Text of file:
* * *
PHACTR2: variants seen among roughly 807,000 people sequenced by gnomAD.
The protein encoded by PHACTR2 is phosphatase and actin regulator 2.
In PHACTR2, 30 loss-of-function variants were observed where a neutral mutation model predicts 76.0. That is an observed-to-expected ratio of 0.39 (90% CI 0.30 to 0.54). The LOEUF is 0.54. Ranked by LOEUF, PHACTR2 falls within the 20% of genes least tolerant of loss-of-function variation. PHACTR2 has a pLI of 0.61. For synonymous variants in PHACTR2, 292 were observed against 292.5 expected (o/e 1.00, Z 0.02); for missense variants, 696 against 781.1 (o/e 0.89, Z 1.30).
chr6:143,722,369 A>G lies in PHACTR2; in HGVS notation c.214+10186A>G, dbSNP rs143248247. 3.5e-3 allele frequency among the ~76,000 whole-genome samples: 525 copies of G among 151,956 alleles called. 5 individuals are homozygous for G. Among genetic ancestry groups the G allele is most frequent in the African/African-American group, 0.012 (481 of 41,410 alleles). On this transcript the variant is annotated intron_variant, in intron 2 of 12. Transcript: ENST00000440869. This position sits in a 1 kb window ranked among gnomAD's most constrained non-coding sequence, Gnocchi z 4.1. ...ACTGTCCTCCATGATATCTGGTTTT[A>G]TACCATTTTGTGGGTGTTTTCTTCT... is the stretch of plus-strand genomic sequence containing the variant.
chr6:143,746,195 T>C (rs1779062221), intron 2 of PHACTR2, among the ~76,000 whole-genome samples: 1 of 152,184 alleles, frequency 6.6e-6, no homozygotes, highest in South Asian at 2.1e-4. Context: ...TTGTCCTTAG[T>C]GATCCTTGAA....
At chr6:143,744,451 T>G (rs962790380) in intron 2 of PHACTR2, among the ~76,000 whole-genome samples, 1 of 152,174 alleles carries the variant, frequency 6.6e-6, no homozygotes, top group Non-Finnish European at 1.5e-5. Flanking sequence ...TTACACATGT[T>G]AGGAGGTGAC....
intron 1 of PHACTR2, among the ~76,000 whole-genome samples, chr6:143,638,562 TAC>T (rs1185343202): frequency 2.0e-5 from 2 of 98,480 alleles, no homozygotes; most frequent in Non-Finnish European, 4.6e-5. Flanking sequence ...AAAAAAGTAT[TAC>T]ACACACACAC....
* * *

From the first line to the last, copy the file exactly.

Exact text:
PHACTR2: variants seen among roughly 807,000 people sequenced by gnomAD.
The protein encoded by PHACTR2 is phosphatase and actin regulator 2.
In PHACTR2, 30 loss-of-function variants were observed where a neutral mutation model predicts 76.0. That is an observed-to-expected ratio of 0.39 (90% CI 0.30 to 0.54). The LOEUF is 0.54. Ranked by LOEUF, PHACTR2 falls within the 20% of genes least tolerant of loss-of-function variation. PHACTR2 has a pLI of 0.61. For synonymous variants in PHACTR2, 292 were observed against 292.5 expected (o/e 1.00, Z 0.02); for missense variants, 696 against 781.1 (o/e 0.89, Z 1.30).
chr6:143,722,369 A>G lies in PHACTR2; in HGVS notation c.214+10186A>G, dbSNP rs143248247. 3.5e-3 allele frequency among the ~76,000 whole-genome samples: 525 copies of G among 151,956 alleles called. 5 individuals are homozygous for G. Among genetic ancestry groups the G allele is most frequent in the African/African-American group, 0.012 (481 of 41,410 alleles). On this transcript the variant is annotated intron_variant, in intron 2 of 12. Transcript: ENST00000440869. This position sits in a 1 kb window ranked among gnomAD's most constrained non-coding sequence, Gnocchi z 4.1. ...ACTGTCCTCCATGATATCTGGTTTT[A>G]TACCATTTTGTGGGTGTTTTCTTCT... is the stretch of plus-strand genomic sequence containing the variant.
chr6:143,746,195 T>C (rs1779062221), intron 2 of PHACTR2, among the ~76,000 whole-genome samples: 1 of 152,184 alleles, frequency 6.6e-6, no homozygotes, highest in South Asian at 2.1e-4. Context: ...TTGTCCTTAG[T>C]GATCCTTGAA....
At chr6:143,744,451 T>G (rs962790380) in intron 2 of PHACTR2, among the ~76,000 whole-genome samples, 1 of 152,174 alleles carries the variant, frequency 6.6e-6, no homozygotes, top group Non-Finnish European at 1.5e-5. Flanking sequence ...TTACACATGT[T>G]AGGAGGTGAC....
intron 1 of PHACTR2, among the ~76,000 whole-genome samples, chr6:143,638,562 TAC>T (rs1185343202): frequency 2.0e-5 from 2 of 98,480 alleles, no homozygotes; most frequent in Non-Finnish European, 4.6e-5. Flanking sequence ...AAAAAAGTAT[TAC>T]ACACACACAC....